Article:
With the double gut punch of losing Game 3 at home in the final two minutes, off a deflection from a defenseman's stick in a manner that seems all too familiar in Capitals post-season history, followed by the news that Nicklas Backstrom's automatic suspension for this contest was upheld, you wouldn't be blamed for sitting down to this one expecting to see a second defeat in a row.
It's been difficult enough for the Caps to score at fives in this series with Backstrom in the lineup -- just two goals through Game 3 where #19 tallied and earned the primary assist, respectively. The only worse news coming out of Game 3 would've been another concussion for the 1C (which, given the unmitigated abuse to the head that Nick's taken in this series, wouldn't be all that surprising).
However, it's these games of overcoming the odds as they were, stepping up and bringing the pure joy of an inspiring win -- so rare in the annals of Caps playoff hockey -- that keep us watching.
Further, going into the third period with a one-goal advantage, we saw a critical test of Coach Dale Hunter-style playoff hockey, the ability to nail down a victory with the slimmest of margins, not too unlike the way that captain Dale led the Caps all the way to the Stanley Cup Finals in 1998.
Ten more notes on the game:
- On ice for Rich Peverley's even-strength goal tonight was one Dennis Wideman, paired for the first time in these playoffs with John Erskine, the seventh-most frequent D pairing during the regular season. Wideman's been on the ice for all five of the B's goals at fives in this series to date. He also missed a near-empty net on the first PP unit. But let's focus on the positive.
- No one stole the show like Braden Holtby tonight. Aside from an odd-man rush (see above), Holts was tracking the puck like the best of 'em, and allowed precious few rebounds or advantageous re-directions. Caps fans watching most all of his professional games knew he had this ability, but to see the consistency through four games is absolutely stunning.
- This affair was surprisingly disciplined, wasn't it? Four penalties, all of the minor variety (to be sure, a few missed calls) and virtually no after-the-whistle mayhem. A tense and fairly clean contest, considering what's come before.
- However, we couldn't expect the B's not to get a chance late in the game, and Mike Knuble, though playing a decent physical game and ramping up that effort in the third, provided them the opportunity with an guilt-free call for holding along the boards. Thankfully, the PK allowed virtually nothing beyond a Tyler Seguin shot missed wide.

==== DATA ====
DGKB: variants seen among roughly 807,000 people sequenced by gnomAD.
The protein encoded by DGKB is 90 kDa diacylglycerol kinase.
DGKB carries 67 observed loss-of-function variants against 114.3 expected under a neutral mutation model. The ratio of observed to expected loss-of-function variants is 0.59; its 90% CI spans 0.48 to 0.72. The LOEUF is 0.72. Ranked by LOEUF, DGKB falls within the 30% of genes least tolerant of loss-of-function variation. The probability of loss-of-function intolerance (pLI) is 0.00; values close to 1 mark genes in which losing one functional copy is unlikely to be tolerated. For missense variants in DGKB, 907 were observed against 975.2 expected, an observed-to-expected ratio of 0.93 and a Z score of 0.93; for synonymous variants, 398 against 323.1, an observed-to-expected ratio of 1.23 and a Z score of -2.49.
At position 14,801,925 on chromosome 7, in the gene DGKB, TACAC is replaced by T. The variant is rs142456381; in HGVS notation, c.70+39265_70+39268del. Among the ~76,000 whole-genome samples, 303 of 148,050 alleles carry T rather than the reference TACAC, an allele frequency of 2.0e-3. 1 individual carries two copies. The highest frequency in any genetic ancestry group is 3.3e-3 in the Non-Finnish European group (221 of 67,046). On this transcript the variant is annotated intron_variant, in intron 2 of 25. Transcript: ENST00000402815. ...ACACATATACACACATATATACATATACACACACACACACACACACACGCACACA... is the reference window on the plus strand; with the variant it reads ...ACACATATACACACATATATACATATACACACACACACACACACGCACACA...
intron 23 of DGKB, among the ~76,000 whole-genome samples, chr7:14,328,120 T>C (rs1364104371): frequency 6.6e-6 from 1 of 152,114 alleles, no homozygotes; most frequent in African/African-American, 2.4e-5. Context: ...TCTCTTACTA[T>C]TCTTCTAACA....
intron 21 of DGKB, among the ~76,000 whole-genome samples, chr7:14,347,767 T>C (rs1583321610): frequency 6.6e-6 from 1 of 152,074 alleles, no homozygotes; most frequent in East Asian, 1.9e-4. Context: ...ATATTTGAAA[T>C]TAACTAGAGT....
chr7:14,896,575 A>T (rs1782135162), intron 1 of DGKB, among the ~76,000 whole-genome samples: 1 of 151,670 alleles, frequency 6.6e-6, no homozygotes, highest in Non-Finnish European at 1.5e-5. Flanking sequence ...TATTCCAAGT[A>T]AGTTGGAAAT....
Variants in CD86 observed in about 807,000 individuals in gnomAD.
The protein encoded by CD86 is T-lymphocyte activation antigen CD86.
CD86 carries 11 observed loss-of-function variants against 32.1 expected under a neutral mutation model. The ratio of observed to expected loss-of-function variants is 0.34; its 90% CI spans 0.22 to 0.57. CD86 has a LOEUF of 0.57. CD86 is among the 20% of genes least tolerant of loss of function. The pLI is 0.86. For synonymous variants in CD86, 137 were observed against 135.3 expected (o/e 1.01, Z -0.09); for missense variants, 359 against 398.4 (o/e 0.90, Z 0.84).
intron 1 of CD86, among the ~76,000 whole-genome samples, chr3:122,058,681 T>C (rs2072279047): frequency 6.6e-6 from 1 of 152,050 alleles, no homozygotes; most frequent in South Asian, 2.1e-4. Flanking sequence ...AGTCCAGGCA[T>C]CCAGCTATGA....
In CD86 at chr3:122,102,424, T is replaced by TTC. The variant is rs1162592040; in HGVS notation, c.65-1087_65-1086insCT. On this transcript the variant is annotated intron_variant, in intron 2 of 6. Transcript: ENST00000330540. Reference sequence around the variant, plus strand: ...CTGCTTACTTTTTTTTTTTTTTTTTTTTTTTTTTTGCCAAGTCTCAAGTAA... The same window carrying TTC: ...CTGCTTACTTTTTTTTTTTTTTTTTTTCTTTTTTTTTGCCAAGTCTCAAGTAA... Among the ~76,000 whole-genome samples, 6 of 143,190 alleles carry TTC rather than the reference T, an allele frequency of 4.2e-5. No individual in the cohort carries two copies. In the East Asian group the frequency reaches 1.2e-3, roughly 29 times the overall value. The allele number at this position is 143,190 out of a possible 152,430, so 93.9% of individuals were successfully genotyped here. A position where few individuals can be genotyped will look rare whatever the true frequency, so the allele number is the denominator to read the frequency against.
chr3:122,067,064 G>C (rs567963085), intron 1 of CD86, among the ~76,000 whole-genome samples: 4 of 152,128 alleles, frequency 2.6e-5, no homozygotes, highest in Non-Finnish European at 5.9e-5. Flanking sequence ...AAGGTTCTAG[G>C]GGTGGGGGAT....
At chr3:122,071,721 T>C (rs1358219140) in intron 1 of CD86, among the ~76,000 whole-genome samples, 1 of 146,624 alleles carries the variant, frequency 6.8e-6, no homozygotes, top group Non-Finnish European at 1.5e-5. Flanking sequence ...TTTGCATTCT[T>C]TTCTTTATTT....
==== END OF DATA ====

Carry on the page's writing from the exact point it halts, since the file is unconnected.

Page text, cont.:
- Excellence, of course, is not only found in boxcar stats, and Jay Beagle deserves praise again for doing so many of the little (and big, for his role) things right tonight. Winning a majority of his D-zone draws, blocking shots, cycling and keeping the puck alive around the B's net.
- Victory tonight seemed predicated precisely on special teams play. And while the Caps first PP opportunity in the first frame drove one to drink, the Caps' second opportunity featured fantastic movement of the puck, though still precious little finish. (Wideman?) Ultimately, though, it was the extra man opportunity, a third time, that made the difference. For all of the faults we can find -- as can GM George McPhee and Coach Hunter and the rest of the Caps staff -- with Alexander Semin, it's precisely that shot that's the reason he keeps getting paid big money by the franchise. Tonight, I'm totally cool with that.
- Everyone earned a negative Corsi rating tonight, seven skaters in double digit negatives, including five forwards.
- Reckless disregard for one's body, be it blocking shots, throwing hits, or charging hard at the end boards to avoid an icing call, is often what determines a playoff series winner. Matt Hendricks did a bit of all of that tonight.
- Great as was tonight's result, however, the Caps can't afford to allow the Bruins to fire away from the points and crowd Holtby the way they were able to do mostly at will for roughly the first half of the contest. Take that confidence in Holtby with you to Boston on Saturday, but don't test him (or any goalie) like that for a second game in a row.
- Even "bonus time" via a frozen clock at le Centre Verizón didn't help the Bruins tonight. Holtby grabbed the biscuit one last time, well after the final horn should have sounded.
Again, an inspiring win, and the deafening D.C. crowd in the waning minutes truly stirred the soul, so it's on to game five with Nicky back in the fold and the forward lines back to their more offensively-intimidating potential.